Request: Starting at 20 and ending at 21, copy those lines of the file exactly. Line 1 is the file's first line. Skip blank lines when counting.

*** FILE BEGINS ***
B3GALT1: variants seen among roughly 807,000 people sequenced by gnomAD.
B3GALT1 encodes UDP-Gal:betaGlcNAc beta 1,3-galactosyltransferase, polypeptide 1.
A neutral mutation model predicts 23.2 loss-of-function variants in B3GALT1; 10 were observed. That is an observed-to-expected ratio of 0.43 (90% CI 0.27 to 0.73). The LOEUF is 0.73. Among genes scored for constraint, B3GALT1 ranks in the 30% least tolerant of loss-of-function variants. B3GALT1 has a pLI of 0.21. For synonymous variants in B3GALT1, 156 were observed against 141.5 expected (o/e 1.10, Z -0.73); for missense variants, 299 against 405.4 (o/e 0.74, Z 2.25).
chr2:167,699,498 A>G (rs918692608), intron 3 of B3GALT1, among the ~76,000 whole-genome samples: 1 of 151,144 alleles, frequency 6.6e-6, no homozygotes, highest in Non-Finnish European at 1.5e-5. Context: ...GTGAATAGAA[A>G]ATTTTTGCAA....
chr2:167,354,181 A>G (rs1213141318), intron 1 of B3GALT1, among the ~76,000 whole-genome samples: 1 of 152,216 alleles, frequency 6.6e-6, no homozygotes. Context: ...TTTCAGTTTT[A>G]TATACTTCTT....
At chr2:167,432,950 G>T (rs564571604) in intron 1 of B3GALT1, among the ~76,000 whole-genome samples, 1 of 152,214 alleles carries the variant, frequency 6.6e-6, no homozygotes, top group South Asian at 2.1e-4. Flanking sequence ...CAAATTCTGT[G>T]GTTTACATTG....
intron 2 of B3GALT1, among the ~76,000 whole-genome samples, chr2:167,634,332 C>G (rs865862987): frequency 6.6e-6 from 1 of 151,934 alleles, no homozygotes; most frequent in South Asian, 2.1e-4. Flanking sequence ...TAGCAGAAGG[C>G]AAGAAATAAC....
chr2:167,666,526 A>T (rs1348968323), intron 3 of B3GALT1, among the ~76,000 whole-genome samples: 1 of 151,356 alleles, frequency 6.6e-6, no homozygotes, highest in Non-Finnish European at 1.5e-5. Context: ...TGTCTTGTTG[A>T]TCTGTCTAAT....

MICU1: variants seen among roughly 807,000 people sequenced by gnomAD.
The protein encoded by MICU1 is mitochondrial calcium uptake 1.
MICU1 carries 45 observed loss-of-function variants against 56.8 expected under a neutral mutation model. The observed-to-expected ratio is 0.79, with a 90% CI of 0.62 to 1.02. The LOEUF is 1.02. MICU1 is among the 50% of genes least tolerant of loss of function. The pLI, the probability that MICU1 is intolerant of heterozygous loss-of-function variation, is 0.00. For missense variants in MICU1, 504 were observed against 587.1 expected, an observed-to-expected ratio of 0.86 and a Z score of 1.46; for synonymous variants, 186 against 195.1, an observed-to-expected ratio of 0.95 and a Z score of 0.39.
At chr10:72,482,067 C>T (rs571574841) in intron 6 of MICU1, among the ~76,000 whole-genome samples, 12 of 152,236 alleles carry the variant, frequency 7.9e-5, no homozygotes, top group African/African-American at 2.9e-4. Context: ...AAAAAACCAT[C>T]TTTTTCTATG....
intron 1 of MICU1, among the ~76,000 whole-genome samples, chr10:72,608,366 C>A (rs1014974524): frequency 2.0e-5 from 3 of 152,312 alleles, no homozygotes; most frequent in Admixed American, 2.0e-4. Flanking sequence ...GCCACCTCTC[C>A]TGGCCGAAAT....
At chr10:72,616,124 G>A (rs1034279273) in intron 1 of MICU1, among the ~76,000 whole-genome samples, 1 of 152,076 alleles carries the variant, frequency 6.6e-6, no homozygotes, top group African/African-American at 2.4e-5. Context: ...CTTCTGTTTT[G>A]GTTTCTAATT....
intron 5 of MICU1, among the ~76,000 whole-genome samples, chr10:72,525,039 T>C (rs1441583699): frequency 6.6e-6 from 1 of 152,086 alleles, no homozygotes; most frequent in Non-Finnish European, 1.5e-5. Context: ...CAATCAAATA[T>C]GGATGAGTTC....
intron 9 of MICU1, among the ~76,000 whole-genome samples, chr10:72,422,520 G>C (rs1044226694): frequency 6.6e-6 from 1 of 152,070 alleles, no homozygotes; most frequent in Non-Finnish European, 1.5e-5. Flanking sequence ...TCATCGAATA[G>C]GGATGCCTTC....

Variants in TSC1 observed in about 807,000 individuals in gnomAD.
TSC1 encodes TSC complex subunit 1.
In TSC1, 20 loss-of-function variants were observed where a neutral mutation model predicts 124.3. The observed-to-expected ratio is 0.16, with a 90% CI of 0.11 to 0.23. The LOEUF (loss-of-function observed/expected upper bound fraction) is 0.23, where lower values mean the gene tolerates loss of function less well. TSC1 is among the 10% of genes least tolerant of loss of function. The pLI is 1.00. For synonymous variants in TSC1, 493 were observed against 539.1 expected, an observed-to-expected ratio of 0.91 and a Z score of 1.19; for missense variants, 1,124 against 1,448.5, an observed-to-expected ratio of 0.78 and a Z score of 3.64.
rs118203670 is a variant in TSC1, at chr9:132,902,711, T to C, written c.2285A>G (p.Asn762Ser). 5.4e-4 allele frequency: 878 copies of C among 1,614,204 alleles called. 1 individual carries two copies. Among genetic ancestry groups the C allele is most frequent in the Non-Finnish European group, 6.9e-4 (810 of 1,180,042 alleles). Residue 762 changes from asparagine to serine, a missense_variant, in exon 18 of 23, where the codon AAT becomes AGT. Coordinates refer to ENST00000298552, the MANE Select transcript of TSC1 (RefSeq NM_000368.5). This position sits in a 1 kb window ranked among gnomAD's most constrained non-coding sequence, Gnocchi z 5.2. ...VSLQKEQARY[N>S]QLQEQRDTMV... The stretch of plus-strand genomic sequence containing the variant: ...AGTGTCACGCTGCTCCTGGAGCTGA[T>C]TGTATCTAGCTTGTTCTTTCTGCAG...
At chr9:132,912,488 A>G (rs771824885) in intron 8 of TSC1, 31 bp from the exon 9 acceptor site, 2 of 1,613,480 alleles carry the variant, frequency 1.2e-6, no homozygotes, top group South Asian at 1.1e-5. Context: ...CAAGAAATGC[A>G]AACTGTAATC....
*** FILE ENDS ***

rs118203670 is a variant in TSC1, at chr9:132,902,711, T to C, written c.2285A>G (p.Asn762Ser). 5.4e-4 allele frequency: 878 copies of C among 1,614,204 alleles called. 1 individual carries two copies. Among genetic ancestry groups the C allele is most frequent in the Non-Finnish European group, 6.9e-4 (810 of 1,180,042 alleles). Residue 762 changes from asparagine to serine, a missense_variant, in exon 18 of 23, where the codon AAT becomes AGT. Coordinates refer to ENST00000298552, the MANE Select transcript of TSC1 (RefSeq NM_000368.5). This position sits in a 1 kb window ranked among gnomAD's most constrained non-coding sequence, Gnocchi z 5.2. ...VSLQKEQARY[N>S]QLQEQRDTMV... The stretch of plus-strand genomic sequence containing the variant: ...AGTGTCACGCTGCTCCTGGAGCTGA[T>C]TGTATCTAGCTTGTTCTTTCTGCAG...
At chr9:132,912,488 A>G (rs771824885) in intron 8 of TSC1, 31 bp from the exon 9 acceptor site, 2 of 1,613,480 alleles carry the variant, frequency 1.2e-6, no homozygotes, top group South Asian at 1.1e-5. Context: ...CAAGAAATGC[A>G]AACTGTAATC....